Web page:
Exclusive: Towards a fairer education system

Exclusive: Towards a fairer education system

Next month, Federal Education Minister, Simon Birmingham, will sit down with his State and Territory counterparts to negotiate a more equitable education system in Australia.

And they’ll have plenty to talk about.

The negotiations will be held off the back of the 2017 Budget, unveiled earlier this month, in which Federal Treasurer, Scott Morrison, vowed $18.6bn in school funding over the next 10 years.

In an interview with The Educator, Senator Birmingham highlighted to the importance of recognising all of the factors that impact on the cost and running of schools, as well as providing equal opportunity to students to succeed.

“My view is that, as a Federal Government, we need to treat the States and Territories in an equitable manner, just as we treat – and ought to treat – the different parts of the non-government school system in a similarly equitable manner to each other,” he said.

Another point of focus for the Federal Government has been improving teaching standards across Australia to lift the quality of teaching being done in classrooms – an area Birmingham says is showing progress. 

“Good progress is being made in terms of the Coalition’s reforms to initial teacher education and training. This is evidenced by the significant take up now of the new literacy and numeracy standards test for university students before they graduate,” he said.

“There is active work underway, led by AITSL in reaccrediting initial teacher education programs across different universities to ensure that they are delivering the type of quality we expect.”

Birmingham said this includes the relevancy of pedagogy and the reforms that require, pointing to the requirement that all future primary education graduates to have undertaken a speciality as part of their studies as an example.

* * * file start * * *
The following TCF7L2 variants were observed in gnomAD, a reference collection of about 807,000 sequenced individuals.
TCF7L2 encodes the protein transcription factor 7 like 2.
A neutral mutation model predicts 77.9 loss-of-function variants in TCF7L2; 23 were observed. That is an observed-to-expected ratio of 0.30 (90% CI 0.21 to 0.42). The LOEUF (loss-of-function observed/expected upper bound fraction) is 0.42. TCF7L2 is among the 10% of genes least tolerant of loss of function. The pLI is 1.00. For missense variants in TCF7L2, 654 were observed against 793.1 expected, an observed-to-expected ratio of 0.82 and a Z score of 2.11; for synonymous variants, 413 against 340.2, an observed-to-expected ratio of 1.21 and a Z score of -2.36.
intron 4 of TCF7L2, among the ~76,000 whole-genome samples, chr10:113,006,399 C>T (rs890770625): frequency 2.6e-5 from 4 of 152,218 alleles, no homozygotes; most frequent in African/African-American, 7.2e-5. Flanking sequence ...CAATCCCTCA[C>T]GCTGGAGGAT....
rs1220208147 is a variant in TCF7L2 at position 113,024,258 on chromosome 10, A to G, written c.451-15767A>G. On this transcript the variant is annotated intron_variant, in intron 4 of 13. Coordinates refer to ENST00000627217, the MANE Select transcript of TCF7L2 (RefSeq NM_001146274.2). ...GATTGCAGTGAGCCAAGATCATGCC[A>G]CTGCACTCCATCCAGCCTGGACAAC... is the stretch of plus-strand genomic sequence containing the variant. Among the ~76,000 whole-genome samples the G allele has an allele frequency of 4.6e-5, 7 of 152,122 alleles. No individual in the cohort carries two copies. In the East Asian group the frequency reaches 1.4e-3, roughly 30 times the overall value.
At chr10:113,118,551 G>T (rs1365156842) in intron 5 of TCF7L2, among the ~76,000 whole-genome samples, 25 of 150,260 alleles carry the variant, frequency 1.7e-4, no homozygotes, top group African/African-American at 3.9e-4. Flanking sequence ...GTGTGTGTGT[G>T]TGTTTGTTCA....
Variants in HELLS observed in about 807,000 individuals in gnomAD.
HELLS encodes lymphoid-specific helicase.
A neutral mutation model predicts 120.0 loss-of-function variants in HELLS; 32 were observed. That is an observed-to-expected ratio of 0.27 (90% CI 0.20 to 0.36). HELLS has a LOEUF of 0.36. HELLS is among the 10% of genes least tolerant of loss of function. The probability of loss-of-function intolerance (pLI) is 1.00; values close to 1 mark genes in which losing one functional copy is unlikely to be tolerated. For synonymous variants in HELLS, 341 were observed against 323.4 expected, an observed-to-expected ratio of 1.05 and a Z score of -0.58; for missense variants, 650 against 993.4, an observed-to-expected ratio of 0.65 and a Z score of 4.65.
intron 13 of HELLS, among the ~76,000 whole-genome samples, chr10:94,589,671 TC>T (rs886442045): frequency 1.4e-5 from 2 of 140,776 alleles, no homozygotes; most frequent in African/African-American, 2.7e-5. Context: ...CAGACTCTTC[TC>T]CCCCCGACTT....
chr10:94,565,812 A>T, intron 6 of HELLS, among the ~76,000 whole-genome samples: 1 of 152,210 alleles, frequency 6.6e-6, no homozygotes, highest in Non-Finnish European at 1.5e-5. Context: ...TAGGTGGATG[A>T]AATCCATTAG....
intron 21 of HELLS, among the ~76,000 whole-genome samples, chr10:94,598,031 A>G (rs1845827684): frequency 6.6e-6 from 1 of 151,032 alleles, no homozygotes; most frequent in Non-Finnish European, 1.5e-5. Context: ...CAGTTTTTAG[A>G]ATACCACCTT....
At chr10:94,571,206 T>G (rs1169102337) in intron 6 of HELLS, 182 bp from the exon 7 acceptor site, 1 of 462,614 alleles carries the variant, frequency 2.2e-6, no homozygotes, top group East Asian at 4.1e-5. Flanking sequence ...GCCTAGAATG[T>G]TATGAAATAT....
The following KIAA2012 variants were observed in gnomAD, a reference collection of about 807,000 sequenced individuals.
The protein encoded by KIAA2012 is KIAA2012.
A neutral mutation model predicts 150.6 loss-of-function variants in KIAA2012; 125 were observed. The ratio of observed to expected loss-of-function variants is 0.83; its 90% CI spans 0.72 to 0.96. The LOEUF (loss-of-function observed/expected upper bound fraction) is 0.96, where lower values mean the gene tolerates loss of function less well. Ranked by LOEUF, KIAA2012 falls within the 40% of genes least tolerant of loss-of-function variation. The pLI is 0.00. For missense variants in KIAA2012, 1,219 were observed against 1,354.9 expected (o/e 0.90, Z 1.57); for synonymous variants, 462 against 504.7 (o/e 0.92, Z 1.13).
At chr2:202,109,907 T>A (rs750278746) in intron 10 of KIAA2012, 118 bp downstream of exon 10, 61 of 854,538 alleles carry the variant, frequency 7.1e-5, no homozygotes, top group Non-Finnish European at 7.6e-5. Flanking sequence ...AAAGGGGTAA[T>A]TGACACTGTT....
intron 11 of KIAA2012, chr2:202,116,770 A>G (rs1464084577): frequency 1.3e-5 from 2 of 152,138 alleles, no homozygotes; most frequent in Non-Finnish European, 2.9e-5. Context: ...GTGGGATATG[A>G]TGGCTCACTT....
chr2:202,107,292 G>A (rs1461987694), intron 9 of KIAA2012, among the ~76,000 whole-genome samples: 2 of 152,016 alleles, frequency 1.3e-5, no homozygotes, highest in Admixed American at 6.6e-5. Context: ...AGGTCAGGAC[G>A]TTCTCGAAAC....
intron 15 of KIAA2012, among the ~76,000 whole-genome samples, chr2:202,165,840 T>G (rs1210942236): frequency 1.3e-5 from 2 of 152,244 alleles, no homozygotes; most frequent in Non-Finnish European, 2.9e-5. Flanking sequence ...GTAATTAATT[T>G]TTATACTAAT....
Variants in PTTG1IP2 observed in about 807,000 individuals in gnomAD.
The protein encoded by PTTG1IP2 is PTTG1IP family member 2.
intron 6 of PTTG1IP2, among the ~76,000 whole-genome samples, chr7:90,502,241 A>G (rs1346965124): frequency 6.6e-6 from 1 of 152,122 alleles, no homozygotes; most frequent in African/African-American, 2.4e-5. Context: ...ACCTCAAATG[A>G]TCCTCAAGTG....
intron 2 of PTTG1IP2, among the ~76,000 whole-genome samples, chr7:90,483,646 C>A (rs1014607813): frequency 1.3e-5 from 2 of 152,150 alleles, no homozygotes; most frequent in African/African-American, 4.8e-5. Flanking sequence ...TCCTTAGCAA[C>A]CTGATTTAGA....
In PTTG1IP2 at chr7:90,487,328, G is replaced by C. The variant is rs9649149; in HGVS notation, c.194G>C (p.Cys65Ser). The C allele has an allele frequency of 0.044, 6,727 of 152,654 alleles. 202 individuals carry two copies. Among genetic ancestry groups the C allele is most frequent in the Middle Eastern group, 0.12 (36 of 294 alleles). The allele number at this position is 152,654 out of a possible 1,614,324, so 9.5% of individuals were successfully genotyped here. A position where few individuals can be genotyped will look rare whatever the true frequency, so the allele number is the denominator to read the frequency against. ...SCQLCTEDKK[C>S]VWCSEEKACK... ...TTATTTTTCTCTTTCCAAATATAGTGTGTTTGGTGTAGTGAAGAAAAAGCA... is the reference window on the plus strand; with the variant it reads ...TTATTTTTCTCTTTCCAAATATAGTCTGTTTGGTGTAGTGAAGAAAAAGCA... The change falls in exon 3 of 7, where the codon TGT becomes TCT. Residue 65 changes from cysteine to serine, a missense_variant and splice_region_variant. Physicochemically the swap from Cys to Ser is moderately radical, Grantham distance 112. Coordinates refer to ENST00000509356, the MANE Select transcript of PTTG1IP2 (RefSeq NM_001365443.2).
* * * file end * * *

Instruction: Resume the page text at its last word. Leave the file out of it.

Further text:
“With those types of reforms underway in initial teacher education, the focus rightly shifts at the next stage to how we work to effectively support the existing teacher workforce in their ongoing skills and professional development,” he said.

Instrumental in this, says Birmingham, is the over-arching role that principals play in driving school improvement and student outcomes.

“The work that AITSL has done to develop standards for principals is important, but we want to – through the Quality Schools Quality Outcomes agenda – take that to the next step of looking at how we can guarantee widespread uptake of principal certification,” he said.

“Ideally, this will be undertaken in a way that is preparatory for people before they step into the role of principal – not something that they try to catch up on after they’ve undertaken that very important role.”

Birmingham said this is a key discussion that the Coalition wants to have with the States to help build the next generation of skilled and effective principals.

“There are certain workforce and generational issues in principal leadership, and we need to make sure that it is seen as a valued and essential part of the education systems across our country,” he said.

Birmingham explained how attending Gawler High School, a public school in South Australia, shaped his views on education.

“Like anybody, it doesn’t matter which school you go to. You have teachers who you remember as having had a significant impact on you. I think that’s probably the most essential factor for most of us out of our schooling experience,” Birmingham said.

“My school was a very diverse one; it had mixtures of first and second generation migrants; people from semi-rural areas as well as the northern suburbs of Adelaide and relatively low through to university.”

Birmingham said this left him with a strong appreciation that schools have to deal with many multiple challenges simultaneously, including students with vastly different aspirations and backgrounds.

“That is a major challenge that our education system faces, and it’s why we need to recognise the different needs of different schools and support them,” he said.

“But also importantly, we need to stick to clear, evidence-based approaches to teaching that give every child the best possible chance at developing the basic skills that enable them to succeed through their later years of schooling.”